In late 2017, Zarrab pleaded guilty to orchestrating a multibillion-dollar conspiracy to evade U.S. sanctions against Iran by disguising money transfers so they would appear to be legitimate gold trades. He testified in federal court that the scheme was approved by Erdogan. Turkish officials denied any wrongdoing.
Giuliani and Mukasey, also a former chief judge in the Southern District of New York, had joined Zarrab’s defense team in March 2017 and flew to Turkey late February to meet with Erdogan to discuss a possible “state-to-state resolution in this case,” according to court filings in the Zarrab case. Mukasey told then-Attorney General Jeff Sessions before the trip, and Giuliani told Bharara, records indicate.
Their visit with Erdogan was viewed with deep suspicion by prosecutors in the Southern District of New York, who asked the presiding federal judge to examine the lawyers’ role in the case.
In an affidavit unsealed in May 2017, Giuliani said his role was to help determine “whether this case can be resolved as part of some agreement between the United States and Turkey that will promote the national-security interests of the United States and redound to the benefit of Mr. Zarrab.”
Behind the scenes, Giuliani was pressing U.S. officials for assistance.
“Giuliani was lobbying anyone he could find in the government to get his guy out,” according to a person with knowledge of his role.
Giuliani secured a 2017 meeting with Brian Hook, a senior State Department official, in a bid to help his Turkish client, a former senior administration official said. But Hook was skeptical, this official said.
When Tillerson arrived for a routine meeting with Trump at the White House in the fall of 2017, he found Giuliani and Mukasey already sitting in the Oval Office, according to two people familiar with the episode.
The lawyers suggested that Tillerson could help craft a deal to swap Zarrab for American pastor Andrew Brunson, who was detained in 2016 after a coup attempt in Turkey. (Brunson was ultimately freed in October 2018.)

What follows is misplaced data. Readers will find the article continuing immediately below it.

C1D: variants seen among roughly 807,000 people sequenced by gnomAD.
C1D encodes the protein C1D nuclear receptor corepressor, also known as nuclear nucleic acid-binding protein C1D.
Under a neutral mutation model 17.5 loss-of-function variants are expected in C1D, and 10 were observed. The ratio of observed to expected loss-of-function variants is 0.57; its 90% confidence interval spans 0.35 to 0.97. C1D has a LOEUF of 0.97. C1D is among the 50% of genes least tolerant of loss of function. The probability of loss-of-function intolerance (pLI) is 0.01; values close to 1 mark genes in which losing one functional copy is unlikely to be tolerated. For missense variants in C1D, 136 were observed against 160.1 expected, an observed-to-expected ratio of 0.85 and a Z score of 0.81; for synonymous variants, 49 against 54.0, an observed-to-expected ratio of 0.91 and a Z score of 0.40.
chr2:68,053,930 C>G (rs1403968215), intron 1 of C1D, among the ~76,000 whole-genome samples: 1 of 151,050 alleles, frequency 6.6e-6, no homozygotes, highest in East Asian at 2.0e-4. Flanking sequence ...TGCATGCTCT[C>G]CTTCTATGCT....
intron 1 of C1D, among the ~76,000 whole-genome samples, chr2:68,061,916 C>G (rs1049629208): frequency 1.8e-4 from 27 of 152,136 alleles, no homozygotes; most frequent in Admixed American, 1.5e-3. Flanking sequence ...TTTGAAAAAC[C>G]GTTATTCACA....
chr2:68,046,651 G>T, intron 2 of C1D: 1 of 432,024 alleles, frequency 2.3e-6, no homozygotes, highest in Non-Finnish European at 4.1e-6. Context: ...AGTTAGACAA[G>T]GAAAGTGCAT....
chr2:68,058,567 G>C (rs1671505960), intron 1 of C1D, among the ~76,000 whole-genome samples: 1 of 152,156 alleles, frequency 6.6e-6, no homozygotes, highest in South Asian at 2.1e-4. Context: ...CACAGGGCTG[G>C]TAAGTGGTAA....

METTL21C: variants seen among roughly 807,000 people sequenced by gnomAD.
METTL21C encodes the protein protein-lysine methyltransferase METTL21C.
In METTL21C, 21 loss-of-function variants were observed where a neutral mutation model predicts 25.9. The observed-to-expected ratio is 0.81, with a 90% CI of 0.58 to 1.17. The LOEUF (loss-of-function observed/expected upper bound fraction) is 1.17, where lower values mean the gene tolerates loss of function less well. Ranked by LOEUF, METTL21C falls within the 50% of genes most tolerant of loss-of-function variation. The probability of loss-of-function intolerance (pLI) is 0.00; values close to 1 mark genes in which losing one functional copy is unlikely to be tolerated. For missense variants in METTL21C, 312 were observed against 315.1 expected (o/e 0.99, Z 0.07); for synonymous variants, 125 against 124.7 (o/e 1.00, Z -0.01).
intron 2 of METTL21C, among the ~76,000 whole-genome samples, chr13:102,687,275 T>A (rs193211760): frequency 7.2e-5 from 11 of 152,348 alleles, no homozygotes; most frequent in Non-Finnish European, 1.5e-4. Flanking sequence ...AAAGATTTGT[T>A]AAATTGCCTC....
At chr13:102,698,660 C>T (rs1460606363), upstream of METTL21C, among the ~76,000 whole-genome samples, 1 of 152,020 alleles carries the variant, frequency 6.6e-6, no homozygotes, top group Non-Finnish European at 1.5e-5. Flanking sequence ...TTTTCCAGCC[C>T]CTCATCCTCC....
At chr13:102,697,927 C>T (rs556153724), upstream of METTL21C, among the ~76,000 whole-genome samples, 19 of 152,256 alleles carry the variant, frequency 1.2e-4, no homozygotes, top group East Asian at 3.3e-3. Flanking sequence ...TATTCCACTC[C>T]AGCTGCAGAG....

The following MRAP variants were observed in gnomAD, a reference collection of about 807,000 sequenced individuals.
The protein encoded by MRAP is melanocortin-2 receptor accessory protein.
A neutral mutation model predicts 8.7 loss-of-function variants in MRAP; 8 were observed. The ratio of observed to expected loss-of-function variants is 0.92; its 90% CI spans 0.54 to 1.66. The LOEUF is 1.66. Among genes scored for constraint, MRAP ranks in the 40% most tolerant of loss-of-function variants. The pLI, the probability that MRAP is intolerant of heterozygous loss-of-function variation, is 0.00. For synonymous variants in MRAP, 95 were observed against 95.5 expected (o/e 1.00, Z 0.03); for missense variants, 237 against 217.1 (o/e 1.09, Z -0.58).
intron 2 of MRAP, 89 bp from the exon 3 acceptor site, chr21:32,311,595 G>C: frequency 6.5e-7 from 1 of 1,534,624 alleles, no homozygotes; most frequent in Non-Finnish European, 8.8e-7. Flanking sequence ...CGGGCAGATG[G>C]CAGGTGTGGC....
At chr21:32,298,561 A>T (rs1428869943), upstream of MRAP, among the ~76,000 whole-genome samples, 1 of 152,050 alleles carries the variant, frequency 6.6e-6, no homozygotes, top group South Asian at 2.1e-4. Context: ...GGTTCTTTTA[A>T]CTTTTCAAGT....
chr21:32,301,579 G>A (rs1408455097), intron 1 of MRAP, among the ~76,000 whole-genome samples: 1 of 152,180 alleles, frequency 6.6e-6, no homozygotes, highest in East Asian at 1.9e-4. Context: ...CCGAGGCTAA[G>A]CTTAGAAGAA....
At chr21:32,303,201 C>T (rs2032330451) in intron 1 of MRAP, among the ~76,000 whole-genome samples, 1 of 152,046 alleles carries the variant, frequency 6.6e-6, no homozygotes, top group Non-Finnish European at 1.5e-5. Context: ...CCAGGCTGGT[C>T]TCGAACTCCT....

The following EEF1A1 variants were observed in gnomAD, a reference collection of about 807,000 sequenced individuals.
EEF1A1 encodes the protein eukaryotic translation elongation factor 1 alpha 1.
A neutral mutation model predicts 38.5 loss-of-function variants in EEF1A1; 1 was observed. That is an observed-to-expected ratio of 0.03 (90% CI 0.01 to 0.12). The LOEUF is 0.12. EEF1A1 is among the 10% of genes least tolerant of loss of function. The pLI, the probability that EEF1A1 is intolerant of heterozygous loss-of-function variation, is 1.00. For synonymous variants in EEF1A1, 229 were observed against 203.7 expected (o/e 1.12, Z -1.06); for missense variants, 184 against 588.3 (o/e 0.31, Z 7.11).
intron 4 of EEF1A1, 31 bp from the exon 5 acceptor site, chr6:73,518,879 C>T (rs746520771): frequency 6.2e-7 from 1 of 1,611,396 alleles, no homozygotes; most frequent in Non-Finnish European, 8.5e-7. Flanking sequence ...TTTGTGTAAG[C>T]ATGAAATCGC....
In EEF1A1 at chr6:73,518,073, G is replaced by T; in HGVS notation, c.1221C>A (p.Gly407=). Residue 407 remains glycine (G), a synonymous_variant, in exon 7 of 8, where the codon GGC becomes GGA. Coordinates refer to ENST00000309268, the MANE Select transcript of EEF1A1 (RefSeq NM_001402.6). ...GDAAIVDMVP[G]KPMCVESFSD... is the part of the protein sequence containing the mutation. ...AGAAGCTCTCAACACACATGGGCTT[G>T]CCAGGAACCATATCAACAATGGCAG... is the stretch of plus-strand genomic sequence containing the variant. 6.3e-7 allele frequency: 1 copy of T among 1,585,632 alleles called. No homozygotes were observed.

Tillerson balked, noting that Zarrab was the subject of an ongoing criminal investigation, according to one person.
Mukasey argued Tillerson had broad authority, saying effectively that he could do whatever he wanted.
After the meeting, Giuliani called Tillerson to try to follow up, but the then-secretary of state rebuffed him, according to the person familiar with Tillerson’s account.
White House officials, particularly Kelly, were dismayed by Giuliani’s conversations with Trump, who did not seem to understand that he should not interfere in a criminal investigation, according to people with familiar with the conversations.
Sometime in mid- to late 2017, Giuliani showed up at the Justice Department and requested a meeting with then-Deputy Attorney General Rod J. Rosenstein about the Zarrab case, according to two people familiar with the matter. One of the people said that when Giuliani, who did not have an appointment, called to say he was coming by, he said he was coming from the White House.
His request to meet with Rosenstein was denied, the people said, though they said it was possible Giuliani then met with lower-level officials. The department, the people said, was not particularly receptive to Giuliani’s advocacy that the case be dropped.
Two former Justice Department officials said they were unaware of any direct pressure from the White House about the case — though they conceded it was possible conversations had taken place without their knowledge.
Trump was hardly shy about pressuring Sessions and other officials on law enforcement matters. In early summer of 2017, Trump called the then-attorney general at home and asked him to reverse his recusal from special counsel Robert S. Mueller III’s investigation into Russian interference in the 2016 election and to investigate and prosecute Hillary Clinton, according to the special counsel report.
By later in 2017, however, the relationship between Trump and Sessions was almost completely fractured. Former Justice Department officials said the longer Sessions stayed in his position, the less frequently he talked with the president.
A spokeswoman for Sessions declined to comment.
Ellen Nakashima, Devlin Barrett and Julie Tate contributed to this report.